The delay in finishing the issue of peace opened the doors for the many opportunists that want to take advantage of the revolution and to many new problems and struggles fed by certain sides that are inciting tribal and regional animosities. After the violent events in East Sudan, we witnessed conflicts that led to many victims in West Sudan. At the end of 2019 and at the beginning of 2020, there were violent conflicts of a tribal persuasion in al-Junaynah in West Darfur that left more than 40 people killed according to preliminary reports up to yesterday. During this atmosphere at the moment, some sides have started to incite tribal, regional and ethnic tensions. They released statements with the names of certain bodies that are saying that the Masalit tribe has a right to self-administer according to an agreement dated to 1919, and they are demanding that this agreement be activated. These kinds of statements that cannot be fully trusted, especially that they are not signed by known figures, aim at inciting hatred and to push the issue from limited tensions into more dangerous terrains that risk the taking the country a century back in an attempt to revive demands to self-administer, knowing that in the agreement, the Masalit chose to remain in Sudan and not join a neighboring country or form an independent body.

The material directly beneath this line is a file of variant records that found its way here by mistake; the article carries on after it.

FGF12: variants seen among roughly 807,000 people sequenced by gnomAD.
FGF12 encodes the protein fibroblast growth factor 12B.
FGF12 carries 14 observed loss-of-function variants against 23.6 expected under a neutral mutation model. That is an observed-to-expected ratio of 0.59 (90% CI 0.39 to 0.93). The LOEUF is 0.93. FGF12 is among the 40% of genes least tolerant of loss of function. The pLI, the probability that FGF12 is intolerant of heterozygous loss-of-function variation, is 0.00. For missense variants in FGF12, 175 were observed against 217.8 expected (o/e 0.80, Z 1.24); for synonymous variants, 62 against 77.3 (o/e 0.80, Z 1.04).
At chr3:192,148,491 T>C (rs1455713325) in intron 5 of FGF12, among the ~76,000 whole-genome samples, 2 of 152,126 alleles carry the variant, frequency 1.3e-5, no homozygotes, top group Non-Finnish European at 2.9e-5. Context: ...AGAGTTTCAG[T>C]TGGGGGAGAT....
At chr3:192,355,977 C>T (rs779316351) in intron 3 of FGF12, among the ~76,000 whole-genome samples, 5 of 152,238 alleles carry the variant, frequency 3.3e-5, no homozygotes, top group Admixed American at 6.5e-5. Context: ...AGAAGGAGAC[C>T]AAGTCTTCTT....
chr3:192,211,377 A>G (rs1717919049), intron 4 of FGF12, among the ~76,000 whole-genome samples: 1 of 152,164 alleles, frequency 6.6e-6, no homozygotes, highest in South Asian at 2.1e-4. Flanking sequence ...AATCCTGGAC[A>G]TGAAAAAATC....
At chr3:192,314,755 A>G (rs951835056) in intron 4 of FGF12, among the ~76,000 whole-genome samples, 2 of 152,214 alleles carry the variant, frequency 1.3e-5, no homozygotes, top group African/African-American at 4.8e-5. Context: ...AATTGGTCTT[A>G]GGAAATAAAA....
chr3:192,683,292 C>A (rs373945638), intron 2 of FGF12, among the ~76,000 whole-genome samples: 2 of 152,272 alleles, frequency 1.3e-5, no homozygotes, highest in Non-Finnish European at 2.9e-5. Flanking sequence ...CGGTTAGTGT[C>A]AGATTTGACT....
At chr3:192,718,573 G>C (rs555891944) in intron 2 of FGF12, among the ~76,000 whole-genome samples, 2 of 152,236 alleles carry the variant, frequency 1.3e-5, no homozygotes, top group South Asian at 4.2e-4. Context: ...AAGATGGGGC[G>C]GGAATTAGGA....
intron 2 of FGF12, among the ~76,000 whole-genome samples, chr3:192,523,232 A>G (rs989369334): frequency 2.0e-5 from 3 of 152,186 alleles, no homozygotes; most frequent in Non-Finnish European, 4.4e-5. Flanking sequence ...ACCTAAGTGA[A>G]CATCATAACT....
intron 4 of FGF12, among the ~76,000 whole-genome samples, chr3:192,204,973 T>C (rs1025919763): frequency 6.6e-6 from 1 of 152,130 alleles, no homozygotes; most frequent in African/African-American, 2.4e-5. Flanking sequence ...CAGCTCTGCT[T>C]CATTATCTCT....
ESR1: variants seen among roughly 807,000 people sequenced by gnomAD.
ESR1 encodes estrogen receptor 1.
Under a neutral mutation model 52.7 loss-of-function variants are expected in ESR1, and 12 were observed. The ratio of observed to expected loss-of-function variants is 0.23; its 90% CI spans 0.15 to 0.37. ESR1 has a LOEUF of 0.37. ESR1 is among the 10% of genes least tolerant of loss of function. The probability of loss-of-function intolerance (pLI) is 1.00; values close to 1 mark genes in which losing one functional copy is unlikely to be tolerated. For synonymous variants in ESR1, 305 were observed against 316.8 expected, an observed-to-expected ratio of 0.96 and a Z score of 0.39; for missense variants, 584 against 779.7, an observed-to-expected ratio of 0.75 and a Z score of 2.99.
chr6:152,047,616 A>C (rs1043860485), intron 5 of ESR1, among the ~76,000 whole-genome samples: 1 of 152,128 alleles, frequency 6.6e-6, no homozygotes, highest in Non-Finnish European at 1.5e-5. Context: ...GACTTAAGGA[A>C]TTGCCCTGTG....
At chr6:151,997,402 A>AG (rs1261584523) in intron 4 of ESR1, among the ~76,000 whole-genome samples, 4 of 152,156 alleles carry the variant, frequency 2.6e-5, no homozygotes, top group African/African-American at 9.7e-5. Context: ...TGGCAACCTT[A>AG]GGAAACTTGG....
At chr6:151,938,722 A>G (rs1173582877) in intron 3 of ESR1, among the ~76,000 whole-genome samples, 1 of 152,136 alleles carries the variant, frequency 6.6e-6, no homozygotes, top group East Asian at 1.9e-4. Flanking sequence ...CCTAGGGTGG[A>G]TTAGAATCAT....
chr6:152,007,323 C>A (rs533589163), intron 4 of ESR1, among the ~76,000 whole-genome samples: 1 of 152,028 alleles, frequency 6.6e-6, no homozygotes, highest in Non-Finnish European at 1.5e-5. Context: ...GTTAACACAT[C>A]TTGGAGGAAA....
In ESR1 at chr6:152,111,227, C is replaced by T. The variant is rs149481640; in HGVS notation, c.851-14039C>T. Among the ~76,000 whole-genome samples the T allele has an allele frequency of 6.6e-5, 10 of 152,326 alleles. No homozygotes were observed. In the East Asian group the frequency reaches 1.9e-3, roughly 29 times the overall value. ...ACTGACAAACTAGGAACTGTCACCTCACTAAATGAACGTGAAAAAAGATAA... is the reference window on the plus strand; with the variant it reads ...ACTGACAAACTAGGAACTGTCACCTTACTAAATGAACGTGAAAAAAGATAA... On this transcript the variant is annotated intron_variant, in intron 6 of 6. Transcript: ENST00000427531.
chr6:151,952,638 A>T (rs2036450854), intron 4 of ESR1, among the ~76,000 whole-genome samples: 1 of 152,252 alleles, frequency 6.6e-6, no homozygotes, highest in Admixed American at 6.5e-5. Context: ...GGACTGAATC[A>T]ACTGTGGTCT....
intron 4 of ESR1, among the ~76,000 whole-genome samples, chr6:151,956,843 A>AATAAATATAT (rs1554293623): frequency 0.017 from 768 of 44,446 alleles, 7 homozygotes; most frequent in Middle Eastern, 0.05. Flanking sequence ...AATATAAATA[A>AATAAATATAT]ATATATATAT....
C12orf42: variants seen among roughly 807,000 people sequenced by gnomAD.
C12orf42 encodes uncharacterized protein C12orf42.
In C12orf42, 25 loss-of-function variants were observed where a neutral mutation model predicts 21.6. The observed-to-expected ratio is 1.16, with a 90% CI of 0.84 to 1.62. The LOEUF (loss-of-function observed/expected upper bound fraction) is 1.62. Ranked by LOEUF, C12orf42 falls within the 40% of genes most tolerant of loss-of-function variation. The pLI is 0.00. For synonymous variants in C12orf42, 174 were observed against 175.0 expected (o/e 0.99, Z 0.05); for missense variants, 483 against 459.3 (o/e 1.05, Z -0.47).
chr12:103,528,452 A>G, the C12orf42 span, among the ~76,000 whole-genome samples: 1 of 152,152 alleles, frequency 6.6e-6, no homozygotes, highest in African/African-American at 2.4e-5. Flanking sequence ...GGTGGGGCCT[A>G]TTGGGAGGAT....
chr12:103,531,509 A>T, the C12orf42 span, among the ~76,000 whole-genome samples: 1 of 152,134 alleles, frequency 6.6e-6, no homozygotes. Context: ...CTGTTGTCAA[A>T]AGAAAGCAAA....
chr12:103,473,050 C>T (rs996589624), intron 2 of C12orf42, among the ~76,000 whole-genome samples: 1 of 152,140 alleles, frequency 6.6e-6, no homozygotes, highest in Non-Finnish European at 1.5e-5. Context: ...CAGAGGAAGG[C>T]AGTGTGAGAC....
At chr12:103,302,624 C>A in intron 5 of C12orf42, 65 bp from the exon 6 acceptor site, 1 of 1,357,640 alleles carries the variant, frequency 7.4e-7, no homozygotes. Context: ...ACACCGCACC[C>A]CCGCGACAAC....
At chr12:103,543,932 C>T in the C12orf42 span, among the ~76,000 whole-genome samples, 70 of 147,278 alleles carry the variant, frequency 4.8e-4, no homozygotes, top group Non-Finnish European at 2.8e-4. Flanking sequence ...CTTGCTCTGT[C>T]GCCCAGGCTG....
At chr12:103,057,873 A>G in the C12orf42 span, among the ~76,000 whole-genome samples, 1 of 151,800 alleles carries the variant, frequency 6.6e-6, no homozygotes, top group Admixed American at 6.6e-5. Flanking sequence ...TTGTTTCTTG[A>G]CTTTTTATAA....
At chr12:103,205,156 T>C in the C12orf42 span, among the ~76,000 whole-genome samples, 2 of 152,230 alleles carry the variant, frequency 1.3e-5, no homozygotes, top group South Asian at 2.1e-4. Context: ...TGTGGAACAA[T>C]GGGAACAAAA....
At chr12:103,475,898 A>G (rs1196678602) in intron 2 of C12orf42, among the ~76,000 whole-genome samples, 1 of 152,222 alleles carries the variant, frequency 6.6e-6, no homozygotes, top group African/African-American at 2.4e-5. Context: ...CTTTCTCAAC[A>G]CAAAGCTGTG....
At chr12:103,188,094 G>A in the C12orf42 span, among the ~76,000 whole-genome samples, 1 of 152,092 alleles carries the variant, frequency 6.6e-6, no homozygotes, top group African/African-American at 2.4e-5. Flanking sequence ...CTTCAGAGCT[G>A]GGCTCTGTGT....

The people making these kinds of demands may have valid fears or grievances, but they are posing the problem and its solution inappropriately. Or perhaps, they are part of those who are trying to exacerbate the issues and to fish in murky waters for some gains. Not all those who raise the slogans of marginalization or have joined armed groups were only concerned with eliminating those grievances and achieving justice and equality. For example, some sides had successfully negotiated certain gains and positions with the former regime while people are still in very bad, if not worse, circumstances.